There’s bad news for Virgin Media customers with the firm having just come bottom of the pile in a latest broadband blackout report from Which?
According to the consumer champion, Virgin is the worst culprit among UK broadband providers for leaving customers without a connection for long periods.
In fact, Which? found that one in six (17%) of Virgin customers said they had been left with no connection for hours or days at a time.
This puts the broadband supplier behind its biggest rivals with one in 10 (8%) of BT, Sky and TalkTalk users suffering similar issues.
Although this news won’t please those who have been left without an internet connection there is some good news starting from tomorrow.
Householders who now report internet outages that are not fully fixed after two full working days will receive £8-a-day automatic compensation paid as a refund on their next bill if their provider is signed up to the new voluntary scheme.
Customers will also get £5 per day if the installation of their service is delayed and £25 per missed appointment if an engineer fails to turn up or cancels at short notice.
According to regulator Ofcom, which set up the scheme, Virgin, BT, Sky, TalkTalk and Zen Internet – who together serve around 90 per cent of broadband and landline customers in the UK – had all signed up in November 2017 when the scheme was announced.
The firms have had 15 months to implement the new scheme – which should create an incentive for them to make big improvements to the shoddy customer service that has left Virgin, BT, Sky and TalkTalk languishing towards the bottom of Which?’s satisfaction survey.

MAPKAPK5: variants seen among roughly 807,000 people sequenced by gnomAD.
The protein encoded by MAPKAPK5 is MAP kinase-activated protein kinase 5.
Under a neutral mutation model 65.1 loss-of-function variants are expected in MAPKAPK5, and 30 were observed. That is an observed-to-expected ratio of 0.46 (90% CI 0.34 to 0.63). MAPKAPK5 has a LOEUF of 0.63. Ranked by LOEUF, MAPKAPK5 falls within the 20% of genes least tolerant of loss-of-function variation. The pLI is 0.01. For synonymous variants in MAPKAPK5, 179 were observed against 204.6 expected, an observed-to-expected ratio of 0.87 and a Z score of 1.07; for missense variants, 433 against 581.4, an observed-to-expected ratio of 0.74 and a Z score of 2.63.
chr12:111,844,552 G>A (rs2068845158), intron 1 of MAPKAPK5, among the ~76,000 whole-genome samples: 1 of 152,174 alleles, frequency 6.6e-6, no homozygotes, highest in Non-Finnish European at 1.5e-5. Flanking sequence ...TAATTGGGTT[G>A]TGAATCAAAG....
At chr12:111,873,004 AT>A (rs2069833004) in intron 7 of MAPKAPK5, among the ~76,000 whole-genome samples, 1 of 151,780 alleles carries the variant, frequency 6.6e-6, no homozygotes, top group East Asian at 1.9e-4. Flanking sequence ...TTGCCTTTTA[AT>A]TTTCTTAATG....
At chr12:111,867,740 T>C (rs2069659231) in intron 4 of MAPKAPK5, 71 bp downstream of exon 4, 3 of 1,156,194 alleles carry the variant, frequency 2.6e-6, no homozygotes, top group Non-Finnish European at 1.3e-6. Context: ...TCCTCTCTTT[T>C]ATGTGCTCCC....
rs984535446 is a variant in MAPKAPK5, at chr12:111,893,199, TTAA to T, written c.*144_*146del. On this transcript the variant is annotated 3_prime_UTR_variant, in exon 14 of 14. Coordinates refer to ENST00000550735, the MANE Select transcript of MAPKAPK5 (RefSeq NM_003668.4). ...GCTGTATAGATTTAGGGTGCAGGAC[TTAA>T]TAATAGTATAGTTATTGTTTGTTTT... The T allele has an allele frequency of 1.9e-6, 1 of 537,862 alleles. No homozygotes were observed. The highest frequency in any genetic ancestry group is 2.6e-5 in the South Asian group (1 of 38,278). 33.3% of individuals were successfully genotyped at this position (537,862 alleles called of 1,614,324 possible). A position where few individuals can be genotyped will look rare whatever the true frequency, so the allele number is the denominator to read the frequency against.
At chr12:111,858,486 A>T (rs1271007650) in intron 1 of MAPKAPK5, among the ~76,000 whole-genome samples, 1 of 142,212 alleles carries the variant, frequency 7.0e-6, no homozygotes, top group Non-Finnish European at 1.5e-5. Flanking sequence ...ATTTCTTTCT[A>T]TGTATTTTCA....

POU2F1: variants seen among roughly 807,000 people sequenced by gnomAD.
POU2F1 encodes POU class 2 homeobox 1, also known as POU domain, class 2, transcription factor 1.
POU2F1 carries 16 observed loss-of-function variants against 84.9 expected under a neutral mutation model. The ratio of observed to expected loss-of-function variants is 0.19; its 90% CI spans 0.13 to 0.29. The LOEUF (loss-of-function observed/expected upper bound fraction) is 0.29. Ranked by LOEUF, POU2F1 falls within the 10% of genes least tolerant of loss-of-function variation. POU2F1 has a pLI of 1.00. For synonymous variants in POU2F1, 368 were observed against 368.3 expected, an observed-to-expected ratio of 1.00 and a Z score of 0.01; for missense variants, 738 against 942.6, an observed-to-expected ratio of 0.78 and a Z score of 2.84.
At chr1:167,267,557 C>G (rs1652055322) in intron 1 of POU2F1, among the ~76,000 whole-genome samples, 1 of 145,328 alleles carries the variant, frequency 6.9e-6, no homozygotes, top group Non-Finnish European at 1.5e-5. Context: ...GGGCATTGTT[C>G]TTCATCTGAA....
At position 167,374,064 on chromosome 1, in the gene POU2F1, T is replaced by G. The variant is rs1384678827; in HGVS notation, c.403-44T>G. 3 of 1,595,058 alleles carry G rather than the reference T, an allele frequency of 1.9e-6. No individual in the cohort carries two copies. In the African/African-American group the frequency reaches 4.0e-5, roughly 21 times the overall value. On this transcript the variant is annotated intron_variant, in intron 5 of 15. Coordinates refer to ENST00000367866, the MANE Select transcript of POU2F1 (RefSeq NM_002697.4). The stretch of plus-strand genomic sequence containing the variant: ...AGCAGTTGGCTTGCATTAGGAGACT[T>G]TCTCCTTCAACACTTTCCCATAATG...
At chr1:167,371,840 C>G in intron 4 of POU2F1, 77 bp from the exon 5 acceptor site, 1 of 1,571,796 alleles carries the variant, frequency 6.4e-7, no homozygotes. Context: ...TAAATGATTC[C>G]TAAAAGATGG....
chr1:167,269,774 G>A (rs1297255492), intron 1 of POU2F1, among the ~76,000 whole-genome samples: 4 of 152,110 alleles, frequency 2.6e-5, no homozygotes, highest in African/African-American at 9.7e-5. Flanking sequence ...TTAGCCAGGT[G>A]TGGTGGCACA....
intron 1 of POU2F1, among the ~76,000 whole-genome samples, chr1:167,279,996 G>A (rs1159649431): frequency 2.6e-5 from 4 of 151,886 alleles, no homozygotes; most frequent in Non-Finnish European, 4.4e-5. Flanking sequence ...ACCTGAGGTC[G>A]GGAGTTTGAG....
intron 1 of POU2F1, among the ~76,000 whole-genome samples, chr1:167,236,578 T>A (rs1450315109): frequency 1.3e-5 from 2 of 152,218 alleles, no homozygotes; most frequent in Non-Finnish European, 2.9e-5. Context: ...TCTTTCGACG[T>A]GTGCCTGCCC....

According to estimates from regulator Ofcom, consumers experience around 7.2 million service quality failures each year in their broadband/landline services. This scheme could mean consumers are paid up to £126 million additional compensation per year – almost eight times more than the £16 million they currently receive.
Ofcom says more than five million consumers lose their landline or broadband service each year, nearly 250,000 engineer appointments are missed, and over one million landline and broadband installations are delayed.
Which? says it is calling for all broadband providers to sign up to this scheme to ensure that all consumers get the compensation they are entitled to without being made to jump through hoops.
Natalie Hitchins, Which? Head of Home Products and Services, said: “Broadband customers who suffer slow repairs, missed appointments and delayed installations have up until now had to jump through hoops to get compensation, so it is encouraging that some will now be refunded automatically.
“However, for consumers to truly feel the benefit of this scheme, broadband providers must improve their service overall. If not, we expect the regulator to show its teeth and take stronger action.”
A Virgin Media spokesperson added: “Over the past 12 months Virgin Media has had a network reliability of over 99% which is a key reason why our customers were labelled the most satisfied of all major internet providers in Which?’s broadband satisfaction survey published just last week. Virgin Media was also the most likely provider to be recommended to a friend in Ofcom’s most recent satisfaction survey.
“This voluntary code is an excellent example of the industry working together to deliver for consumers. Virgin Media will give its customers a clear and consistent route to receive credits in the unlikely event that our services do not live up to the high standards we always aim to deliver.”